Almost as tame as a dog, the Cotswold sheep are docile and friendly, eager to interact with people. These animals have thick heavy fleeces and are capable of enduring hardship and exposure. It originated on the bleak Cotswold hills of Great Britain, and the breed was brought to Canada from England in the 1860s. It has been recorded that in 1865, sheep of this breed were purchased in Halifax at prices ranging from $22 for a ram to $60 for ewes. Flocks of sheep about this time were numerous in many areas across Nova Scotia.
In the 1800s the Cotswolds became some of the most numerous long woolled sheep in the world. In contrast to the short woolled Southdown breed, the Cotswold sheep could yield a fleece three times the weight of a Southdown fleece. The wool from the Cotswolds was also longer and stronger, which also aided in its preference. Even though the wool of Cotswolds was very sought after, their continued main purpose was for both meat and mutton.
By 1870, the preferred rams had become the Cotswold. Between 1878 and 1914 there were almost 75,000 purebred Cotswolds registered in the American flock book. By 1978, however, the numbers had dwindled to 78. The situation had become drastic in the 1980s when there were an estimated Cotswold ewe population of just 35 in Canada. Since then, the number of sheep and breeders has risen once again, especially since 1991.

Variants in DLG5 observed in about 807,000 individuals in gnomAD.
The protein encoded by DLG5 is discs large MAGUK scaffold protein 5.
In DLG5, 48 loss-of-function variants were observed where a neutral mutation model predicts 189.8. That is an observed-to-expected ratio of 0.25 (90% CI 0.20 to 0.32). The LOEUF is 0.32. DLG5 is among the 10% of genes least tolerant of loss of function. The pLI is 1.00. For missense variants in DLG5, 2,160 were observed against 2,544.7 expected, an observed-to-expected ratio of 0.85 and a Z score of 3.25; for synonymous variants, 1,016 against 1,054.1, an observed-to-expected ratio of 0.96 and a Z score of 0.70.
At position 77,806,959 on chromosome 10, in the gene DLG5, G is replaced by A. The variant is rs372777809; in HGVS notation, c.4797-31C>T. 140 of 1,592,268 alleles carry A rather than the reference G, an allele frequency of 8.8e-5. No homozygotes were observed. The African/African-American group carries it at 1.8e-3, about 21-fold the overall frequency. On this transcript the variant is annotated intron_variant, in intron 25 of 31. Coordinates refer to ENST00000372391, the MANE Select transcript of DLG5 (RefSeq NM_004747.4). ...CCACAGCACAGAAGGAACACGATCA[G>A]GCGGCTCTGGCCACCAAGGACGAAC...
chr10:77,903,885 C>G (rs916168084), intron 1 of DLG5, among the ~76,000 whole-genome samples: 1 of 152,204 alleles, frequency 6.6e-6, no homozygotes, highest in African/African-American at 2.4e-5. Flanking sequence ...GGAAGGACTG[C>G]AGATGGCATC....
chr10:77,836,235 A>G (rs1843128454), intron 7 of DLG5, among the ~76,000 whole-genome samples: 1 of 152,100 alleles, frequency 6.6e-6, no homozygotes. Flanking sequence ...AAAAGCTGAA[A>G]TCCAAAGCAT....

On most farms in earlier periods, purebred sheep were not practical as a means of producing everything the farmer needed. Farmers often crossbred their sheep in order to pass on more of the desirable traits that each breed possessed. For example, the hardiness of the Southdown sheep and the strong wool of the Cotswold could have both been preferred. So the farmer would cross breed the two sheep, creating a better sheep for himself, but aiding in the destruction of the two purebreds along the way. This is one of the major reasons that many breeds of sheep, such as the Cotswold, have dwindled over the years. The crossbred sheep, while having characteristics of at least a couple purebred breeds, became known as “grade” sheep.
Source: Ross Farm Museum Website (http://museum.gov.ns.ca/rfm/en/home/default.aspx)